Meanwhile, Brazilian airline GOL became the first airline in the world to fly passengers on the Boeing 737 MAX in almost two years.

Brazil’s largest domestic airline, GOL said it will begin using the MAX on routes to and from its hub in São Paulo, the nation’s largest city, although it did not disclose the exact route that will be taken on its first flights.

Flybe to return, Malaysia on the rocks

This month’s non-COVID news included that of Flybe’s potential upcoming return from the dead, as its hedge fund owner re-applied for its UK operating license.

Thyme Opco, a holding company owned by Cyrus Capital, applied for an operating license with the UK Civil Aviation Authority for the regional carrier.

New-York based Cyrus Capital was Flybe’s biggest shareholder, prior to the airline filing for bankruptcy in March, right as the global pandemic hit.

Cyrus set up shell company Thyme Opco last month in order to resuscitate Flybe as a pared-back version of its old self.

On the other end of the spectrum, the fate of Malaysia Airlines is expected to be set by 31 December, when the airline’s parent company is due to finalise its restructuring, according to Malaysia’s deputy finance minister.

Deputy minister Abdul Rahim Bakri informed the Malaysian parliament that the troubled airline is approaching the end of its lengthy restructure, the outcome of which will determine whether or not Malaysian Airlines will continue its operations.

Later in the month, Pakistan International Airlines announced it had officially cleared 110 of its 141 pilots whose license to fly were suspended, following a licensing scandal that suggested pilots had been able to secure their qualifications under false pretences.

Senior advocate Salman Akram Raja informed the Pakistani Supreme Court that the nation’s flag carrier had officially cleared 110 of its pilots of wrong-doing, following its ongoing government inquiry into the legitimacy of its pilots’ licences.

Meanwhile, 15 pilots had their licences cancelled, and a further 14 were declared unfit to fly.

Some cases are still outstanding.

In-flight issues

Another, more unfortunate, theme of the month appeared to be aircraft experiencing some in-flight issues.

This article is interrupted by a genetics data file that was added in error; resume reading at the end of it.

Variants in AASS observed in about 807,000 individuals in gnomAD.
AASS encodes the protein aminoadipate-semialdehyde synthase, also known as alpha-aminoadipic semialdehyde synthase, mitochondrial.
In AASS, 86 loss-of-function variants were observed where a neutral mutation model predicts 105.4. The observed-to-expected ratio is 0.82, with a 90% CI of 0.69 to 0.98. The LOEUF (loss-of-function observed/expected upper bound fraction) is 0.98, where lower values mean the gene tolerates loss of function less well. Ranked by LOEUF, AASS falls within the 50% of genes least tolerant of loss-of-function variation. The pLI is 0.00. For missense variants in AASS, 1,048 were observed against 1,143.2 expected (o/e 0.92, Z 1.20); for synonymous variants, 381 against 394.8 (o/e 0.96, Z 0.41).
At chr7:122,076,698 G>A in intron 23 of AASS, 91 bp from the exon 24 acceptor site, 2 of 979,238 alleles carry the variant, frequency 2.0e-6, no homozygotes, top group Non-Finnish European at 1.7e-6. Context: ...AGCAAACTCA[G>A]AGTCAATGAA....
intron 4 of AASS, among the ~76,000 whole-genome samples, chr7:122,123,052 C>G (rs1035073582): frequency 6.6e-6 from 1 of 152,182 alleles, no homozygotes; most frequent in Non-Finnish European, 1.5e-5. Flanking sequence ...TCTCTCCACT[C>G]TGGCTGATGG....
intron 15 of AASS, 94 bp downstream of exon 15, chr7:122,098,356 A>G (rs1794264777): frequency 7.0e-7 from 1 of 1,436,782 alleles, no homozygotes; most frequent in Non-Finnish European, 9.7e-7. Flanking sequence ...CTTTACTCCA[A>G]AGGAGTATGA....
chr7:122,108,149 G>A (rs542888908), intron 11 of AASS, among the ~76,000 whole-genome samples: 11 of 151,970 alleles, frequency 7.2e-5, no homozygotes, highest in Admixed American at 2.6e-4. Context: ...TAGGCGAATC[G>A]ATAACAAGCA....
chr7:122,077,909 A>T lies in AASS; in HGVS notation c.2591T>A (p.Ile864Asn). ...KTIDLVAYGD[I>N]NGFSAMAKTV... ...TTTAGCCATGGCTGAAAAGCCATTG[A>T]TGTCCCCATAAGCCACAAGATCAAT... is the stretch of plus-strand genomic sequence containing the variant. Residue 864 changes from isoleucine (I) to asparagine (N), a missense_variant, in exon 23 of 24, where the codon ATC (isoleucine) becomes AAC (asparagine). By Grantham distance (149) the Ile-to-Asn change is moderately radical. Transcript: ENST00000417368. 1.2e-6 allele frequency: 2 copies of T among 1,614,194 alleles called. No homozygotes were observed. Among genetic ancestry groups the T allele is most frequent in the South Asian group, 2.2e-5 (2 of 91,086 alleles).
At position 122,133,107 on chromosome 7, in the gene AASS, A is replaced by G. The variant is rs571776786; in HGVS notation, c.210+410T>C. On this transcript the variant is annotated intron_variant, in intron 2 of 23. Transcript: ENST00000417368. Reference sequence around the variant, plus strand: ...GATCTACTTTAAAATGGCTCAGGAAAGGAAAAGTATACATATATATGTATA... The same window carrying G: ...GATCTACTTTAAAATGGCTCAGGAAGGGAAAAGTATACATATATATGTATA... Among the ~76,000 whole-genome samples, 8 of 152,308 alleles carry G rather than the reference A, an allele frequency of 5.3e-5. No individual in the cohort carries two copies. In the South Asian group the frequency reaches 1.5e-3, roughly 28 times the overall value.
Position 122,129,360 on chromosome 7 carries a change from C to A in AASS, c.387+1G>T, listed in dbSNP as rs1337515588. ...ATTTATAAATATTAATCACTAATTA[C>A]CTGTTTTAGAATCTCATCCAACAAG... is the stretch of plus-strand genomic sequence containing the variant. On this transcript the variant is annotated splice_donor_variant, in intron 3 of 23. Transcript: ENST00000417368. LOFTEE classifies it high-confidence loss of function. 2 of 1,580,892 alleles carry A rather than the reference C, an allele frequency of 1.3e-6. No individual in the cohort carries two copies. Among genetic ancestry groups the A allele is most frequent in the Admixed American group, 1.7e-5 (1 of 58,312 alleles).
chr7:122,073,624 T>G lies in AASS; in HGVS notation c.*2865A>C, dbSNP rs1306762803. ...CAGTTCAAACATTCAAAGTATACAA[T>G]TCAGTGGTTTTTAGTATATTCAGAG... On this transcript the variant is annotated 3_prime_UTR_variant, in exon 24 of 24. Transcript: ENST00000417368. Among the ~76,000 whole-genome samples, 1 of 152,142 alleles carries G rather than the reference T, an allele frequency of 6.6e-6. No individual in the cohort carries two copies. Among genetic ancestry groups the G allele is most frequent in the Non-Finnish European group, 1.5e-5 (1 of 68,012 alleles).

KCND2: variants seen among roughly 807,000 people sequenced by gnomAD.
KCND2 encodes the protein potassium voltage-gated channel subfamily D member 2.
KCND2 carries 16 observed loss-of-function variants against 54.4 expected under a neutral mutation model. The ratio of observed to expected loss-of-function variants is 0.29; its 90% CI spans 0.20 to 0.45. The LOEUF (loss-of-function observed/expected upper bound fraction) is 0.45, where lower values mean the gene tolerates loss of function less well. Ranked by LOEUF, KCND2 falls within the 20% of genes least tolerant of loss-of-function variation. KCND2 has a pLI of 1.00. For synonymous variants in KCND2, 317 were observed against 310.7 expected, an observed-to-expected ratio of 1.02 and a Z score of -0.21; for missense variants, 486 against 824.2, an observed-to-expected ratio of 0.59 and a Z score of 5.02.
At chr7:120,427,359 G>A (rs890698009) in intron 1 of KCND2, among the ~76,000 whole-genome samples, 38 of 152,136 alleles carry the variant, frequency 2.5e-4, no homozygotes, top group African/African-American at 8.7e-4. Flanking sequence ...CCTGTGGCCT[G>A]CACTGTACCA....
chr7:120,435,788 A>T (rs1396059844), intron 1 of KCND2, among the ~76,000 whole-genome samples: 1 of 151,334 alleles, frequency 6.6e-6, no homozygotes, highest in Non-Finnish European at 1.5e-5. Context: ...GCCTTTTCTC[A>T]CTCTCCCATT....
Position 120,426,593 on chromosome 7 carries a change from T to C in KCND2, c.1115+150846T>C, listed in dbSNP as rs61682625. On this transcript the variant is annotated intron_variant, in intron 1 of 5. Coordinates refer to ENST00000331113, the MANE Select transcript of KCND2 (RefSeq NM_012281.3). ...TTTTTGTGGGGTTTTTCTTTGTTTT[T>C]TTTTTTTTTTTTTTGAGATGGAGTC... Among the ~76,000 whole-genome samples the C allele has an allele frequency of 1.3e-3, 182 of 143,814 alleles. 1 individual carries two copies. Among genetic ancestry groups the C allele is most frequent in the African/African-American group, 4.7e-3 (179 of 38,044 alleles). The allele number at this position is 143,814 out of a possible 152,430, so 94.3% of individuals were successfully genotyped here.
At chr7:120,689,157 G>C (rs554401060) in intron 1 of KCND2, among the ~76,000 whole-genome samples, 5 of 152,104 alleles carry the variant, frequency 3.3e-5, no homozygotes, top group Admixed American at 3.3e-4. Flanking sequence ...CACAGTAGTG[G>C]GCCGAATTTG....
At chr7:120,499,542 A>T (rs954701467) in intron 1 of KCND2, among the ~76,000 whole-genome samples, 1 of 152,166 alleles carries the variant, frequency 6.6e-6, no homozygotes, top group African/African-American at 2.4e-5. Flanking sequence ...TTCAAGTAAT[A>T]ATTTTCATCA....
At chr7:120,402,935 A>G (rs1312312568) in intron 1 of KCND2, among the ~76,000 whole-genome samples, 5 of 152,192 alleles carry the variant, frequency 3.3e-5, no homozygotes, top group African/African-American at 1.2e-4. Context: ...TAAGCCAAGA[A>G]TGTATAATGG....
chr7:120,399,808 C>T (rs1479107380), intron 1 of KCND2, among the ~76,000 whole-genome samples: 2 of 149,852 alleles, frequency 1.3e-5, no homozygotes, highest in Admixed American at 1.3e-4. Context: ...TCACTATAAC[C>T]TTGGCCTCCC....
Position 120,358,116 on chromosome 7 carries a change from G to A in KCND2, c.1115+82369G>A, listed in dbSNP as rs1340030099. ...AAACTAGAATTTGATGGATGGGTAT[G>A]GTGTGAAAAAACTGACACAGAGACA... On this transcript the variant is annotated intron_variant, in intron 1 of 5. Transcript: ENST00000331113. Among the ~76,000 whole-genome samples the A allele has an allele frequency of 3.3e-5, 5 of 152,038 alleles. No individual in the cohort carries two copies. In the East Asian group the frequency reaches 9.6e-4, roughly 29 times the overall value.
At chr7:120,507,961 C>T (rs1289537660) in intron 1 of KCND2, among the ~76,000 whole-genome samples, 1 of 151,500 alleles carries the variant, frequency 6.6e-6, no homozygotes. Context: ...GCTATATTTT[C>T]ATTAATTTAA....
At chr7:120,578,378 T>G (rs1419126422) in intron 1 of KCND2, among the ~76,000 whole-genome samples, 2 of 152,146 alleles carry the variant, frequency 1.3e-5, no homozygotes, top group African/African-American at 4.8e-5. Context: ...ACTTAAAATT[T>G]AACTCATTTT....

A Japan Airlines Boeing 777 heading from Naha Airport in Okinawa to Haneda Airport in Tokyo suffered engine damage and failure shortly after take-off, forcing it to return back to its origin airport.

The failure was reportedly caused by significant damage to the engine, caused when parts of the engine, including its cover, broke up mid-flight.

According to reports, the left engine of the wide-bodied aircraft began to experience difficulties five minutes after departure from Naha, at an altitude of around 18,000 feet.

Passengers onboard Japan Airlines flight 904 reported hearing a loud “boom” at this time, which caused fear throughout the cabin.

The pilots then turned around and made an emergency landing back at Naha Airport.

The plane landed safely, however upon landing it was found that the external cover of the left engine had completely fallen off during the flight, exposing the metallic insides of the engine.

Meanwhile, Virgin Galactic was forced to cut short a test flight of its SpaceShipTwo spaceplane after its rocket motor’s ignition sequence failed to complete.

Sir Richard Branson’s space tourism company was conducting the third crewed test of its VSS Unity spaceplane into suborbital space when the test was abandoned partway through.

The suborbital spaceplane was carried to an altitude of roughly 44,000 feet by its twin-fuselage mothership, dubbed White Knight 2.

It then detached from the carrier plane around 9:15am local time, but a live video stream appeared to show the engines firing only for a brief moment.

“The ignition sequence for the rocket motor did not complete,” Virgin Galactic said on Twitter.

“Vehicle and crew are in great shape. We have several motors ready at Spaceport America. We will check the vehicle and be back to flight soon.”